China looks set to adopt the worldwide NFC standard for contactless payments, in a move that could be a boost to the usage of smartphones for making cashless transactions in stores nationwide. The development came at a major e-banking summit in Beijing yesterday, where an official at the People’s Bank of China (PBoC) announced that the widely adopted 13.56MHz NFC protocol was the way to go. The PBoC acknowledged that other agencies need to approve this move first, and that it might be rubber-stamped by the end of 2012.
Uptake of NFC has been limited in most countries, held back by a lack of affordable smartphones that have an NFC chip inside, and the many and confusing forms of cashless payments there are out there. This year, a lot of big-selling phones came equipped with NFC – such as the Samsung Galaxy SIII and the HTC One X (though not the iPhone 5) – thereby giving a larger potential user-base. NFC can be used to transfer data at very close range, and can be used to do anything from sending a contact card between two phones to using it to pay for a coffee by just tapping your phone against the special NFC receiver at some stores.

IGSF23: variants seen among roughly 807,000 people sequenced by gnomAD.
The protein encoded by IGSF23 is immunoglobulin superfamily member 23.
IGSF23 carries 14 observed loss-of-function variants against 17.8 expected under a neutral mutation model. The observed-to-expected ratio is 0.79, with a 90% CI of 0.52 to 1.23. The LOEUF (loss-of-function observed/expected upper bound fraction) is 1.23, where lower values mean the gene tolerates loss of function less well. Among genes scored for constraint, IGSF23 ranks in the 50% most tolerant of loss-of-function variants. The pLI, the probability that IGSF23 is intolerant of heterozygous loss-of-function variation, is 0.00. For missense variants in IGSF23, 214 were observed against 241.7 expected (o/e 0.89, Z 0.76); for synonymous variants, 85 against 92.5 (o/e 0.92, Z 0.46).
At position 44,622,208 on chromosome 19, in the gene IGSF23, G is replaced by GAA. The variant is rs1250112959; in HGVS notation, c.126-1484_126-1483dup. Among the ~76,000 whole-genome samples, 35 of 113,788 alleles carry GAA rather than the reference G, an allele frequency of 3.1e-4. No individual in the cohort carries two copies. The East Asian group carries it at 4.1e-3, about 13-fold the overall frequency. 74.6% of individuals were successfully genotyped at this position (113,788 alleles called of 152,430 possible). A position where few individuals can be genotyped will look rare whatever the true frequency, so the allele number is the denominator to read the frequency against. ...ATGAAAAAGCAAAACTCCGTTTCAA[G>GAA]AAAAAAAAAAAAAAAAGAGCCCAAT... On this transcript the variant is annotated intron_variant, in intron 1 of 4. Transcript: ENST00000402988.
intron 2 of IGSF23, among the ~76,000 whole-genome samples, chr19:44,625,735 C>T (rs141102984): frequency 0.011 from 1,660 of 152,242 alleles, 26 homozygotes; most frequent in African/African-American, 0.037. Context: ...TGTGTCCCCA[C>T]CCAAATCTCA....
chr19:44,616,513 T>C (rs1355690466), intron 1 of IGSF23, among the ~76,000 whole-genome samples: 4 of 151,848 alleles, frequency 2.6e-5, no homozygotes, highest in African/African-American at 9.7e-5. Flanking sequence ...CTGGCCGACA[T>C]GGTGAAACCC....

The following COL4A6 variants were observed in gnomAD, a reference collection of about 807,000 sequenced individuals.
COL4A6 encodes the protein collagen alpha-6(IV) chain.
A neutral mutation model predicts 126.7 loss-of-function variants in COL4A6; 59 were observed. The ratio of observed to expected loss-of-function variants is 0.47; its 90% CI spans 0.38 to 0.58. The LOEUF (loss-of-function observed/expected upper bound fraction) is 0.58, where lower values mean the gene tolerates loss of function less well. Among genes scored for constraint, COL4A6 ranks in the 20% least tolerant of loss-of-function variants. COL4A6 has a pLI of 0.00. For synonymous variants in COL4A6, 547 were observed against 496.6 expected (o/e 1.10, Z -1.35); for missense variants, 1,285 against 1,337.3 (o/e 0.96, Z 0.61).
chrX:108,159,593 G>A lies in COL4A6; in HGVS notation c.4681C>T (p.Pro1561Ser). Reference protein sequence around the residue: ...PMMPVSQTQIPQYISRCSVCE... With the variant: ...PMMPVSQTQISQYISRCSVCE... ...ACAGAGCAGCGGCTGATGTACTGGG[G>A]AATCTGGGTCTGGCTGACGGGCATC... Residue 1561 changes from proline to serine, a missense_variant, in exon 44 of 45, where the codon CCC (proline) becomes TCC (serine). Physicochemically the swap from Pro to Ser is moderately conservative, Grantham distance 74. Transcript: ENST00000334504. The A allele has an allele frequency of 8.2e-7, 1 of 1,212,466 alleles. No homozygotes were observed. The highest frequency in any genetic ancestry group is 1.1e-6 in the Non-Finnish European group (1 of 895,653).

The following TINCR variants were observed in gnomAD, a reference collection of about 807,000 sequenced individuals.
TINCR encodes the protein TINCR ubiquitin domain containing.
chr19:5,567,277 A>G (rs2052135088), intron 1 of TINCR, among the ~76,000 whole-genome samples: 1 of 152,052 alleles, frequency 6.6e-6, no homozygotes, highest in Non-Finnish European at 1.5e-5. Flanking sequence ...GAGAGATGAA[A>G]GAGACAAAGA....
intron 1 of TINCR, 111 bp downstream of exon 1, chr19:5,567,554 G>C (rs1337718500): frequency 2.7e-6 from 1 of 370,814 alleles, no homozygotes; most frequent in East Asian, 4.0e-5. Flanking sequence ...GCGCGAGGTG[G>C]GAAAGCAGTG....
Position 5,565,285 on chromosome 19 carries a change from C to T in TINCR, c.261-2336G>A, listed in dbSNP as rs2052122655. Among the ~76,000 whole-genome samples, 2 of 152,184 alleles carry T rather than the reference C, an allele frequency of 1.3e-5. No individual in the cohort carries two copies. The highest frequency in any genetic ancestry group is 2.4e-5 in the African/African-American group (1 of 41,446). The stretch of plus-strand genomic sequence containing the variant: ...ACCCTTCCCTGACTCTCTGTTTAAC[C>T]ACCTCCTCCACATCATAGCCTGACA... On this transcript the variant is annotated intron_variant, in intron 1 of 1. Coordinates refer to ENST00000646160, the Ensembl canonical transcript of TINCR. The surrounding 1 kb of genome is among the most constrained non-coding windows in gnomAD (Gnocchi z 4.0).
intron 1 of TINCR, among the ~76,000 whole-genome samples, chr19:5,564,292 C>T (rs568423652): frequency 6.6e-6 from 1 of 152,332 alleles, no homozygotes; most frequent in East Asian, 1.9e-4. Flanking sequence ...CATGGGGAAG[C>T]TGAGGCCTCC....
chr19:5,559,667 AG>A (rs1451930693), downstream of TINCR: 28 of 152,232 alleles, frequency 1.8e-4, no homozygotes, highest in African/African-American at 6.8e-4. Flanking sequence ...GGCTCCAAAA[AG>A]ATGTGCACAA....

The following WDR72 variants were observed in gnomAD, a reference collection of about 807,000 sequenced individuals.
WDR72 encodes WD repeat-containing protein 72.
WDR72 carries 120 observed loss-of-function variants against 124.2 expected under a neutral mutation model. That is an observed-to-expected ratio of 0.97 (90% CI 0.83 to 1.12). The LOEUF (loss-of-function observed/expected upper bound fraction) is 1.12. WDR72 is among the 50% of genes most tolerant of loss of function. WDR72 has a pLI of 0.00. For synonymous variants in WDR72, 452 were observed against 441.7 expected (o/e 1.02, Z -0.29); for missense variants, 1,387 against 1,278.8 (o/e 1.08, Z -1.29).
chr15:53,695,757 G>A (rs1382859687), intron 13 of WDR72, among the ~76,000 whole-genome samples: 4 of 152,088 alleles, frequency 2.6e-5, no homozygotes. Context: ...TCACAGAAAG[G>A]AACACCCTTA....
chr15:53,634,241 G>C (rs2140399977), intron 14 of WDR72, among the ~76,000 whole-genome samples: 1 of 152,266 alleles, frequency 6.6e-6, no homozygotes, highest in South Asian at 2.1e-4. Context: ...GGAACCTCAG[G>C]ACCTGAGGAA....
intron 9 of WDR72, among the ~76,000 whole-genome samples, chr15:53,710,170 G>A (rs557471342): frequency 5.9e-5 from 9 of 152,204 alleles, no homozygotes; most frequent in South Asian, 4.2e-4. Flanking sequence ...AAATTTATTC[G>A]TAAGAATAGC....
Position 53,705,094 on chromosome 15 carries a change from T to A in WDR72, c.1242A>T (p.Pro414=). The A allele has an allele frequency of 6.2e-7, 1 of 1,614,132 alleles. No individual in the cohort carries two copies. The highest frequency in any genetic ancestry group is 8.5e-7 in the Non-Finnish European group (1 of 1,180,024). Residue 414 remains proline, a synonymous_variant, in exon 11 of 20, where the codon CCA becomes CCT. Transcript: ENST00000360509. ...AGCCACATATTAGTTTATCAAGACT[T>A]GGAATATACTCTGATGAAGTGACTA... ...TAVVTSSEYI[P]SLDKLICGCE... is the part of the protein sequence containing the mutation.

The Chinese payments platform Unionpay, the biggest Maestro-like banking alliance in the country, has been pursuing NFC payments for some time, and claims to have 1.2 million NFC-equipped payment terminals at stores across the country. Next it’ll be a question of getting people to trust it and then use it.
But it leaves the nation’s biggest mobile telco, China Mobile (NYSE:CHL; HKG:0941) in a quandary, as it has been pursuing 2.4GHz RFID-SIM contactless payments since 2009. However, China Mobile was hedging its bets all along, and has been prepping NFC as well with its recently-unveiled “China Mobile Wallet” service which will roll out soon. The nation’s other two telcos, China Unicom and China Telecom, also have an NFC strategy, including selling hardware add-ons for people whose phones don’t have an NFC chip inside.
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